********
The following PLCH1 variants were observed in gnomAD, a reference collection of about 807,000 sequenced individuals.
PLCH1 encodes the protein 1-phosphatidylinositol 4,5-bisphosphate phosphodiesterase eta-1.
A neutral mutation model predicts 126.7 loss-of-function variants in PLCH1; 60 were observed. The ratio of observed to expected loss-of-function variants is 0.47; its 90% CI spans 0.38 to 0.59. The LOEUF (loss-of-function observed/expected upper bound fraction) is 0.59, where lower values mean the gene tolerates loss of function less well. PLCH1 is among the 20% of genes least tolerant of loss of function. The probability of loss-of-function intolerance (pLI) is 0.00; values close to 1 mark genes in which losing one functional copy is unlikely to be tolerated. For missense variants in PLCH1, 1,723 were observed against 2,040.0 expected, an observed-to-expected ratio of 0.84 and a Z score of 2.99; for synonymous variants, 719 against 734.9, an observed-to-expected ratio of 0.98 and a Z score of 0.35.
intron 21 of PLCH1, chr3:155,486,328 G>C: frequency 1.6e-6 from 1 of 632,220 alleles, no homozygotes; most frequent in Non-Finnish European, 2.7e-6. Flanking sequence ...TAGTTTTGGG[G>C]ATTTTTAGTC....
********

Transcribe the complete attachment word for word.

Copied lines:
The following PLCH1 variants were observed in gnomAD, a reference collection of about 807,000 sequenced individuals.
PLCH1 encodes the protein 1-phosphatidylinositol 4,5-bisphosphate phosphodiesterase eta-1.
A neutral mutation model predicts 126.7 loss-of-function variants in PLCH1; 60 were observed. The ratio of observed to expected loss-of-function variants is 0.47; its 90% CI spans 0.38 to 0.59. The LOEUF (loss-of-function observed/expected upper bound fraction) is 0.59, where lower values mean the gene tolerates loss of function less well. PLCH1 is among the 20% of genes least tolerant of loss of function. The probability of loss-of-function intolerance (pLI) is 0.00; values close to 1 mark genes in which losing one functional copy is unlikely to be tolerated. For missense variants in PLCH1, 1,723 were observed against 2,040.0 expected, an observed-to-expected ratio of 0.84 and a Z score of 2.99; for synonymous variants, 719 against 734.9, an observed-to-expected ratio of 0.98 and a Z score of 0.35.
intron 21 of PLCH1, chr3:155,486,328 G>C: frequency 1.6e-6 from 1 of 632,220 alleles, no homozygotes; most frequent in Non-Finnish European, 2.7e-6. Flanking sequence ...TAGTTTTGGG[G>C]ATTTTTAGTC....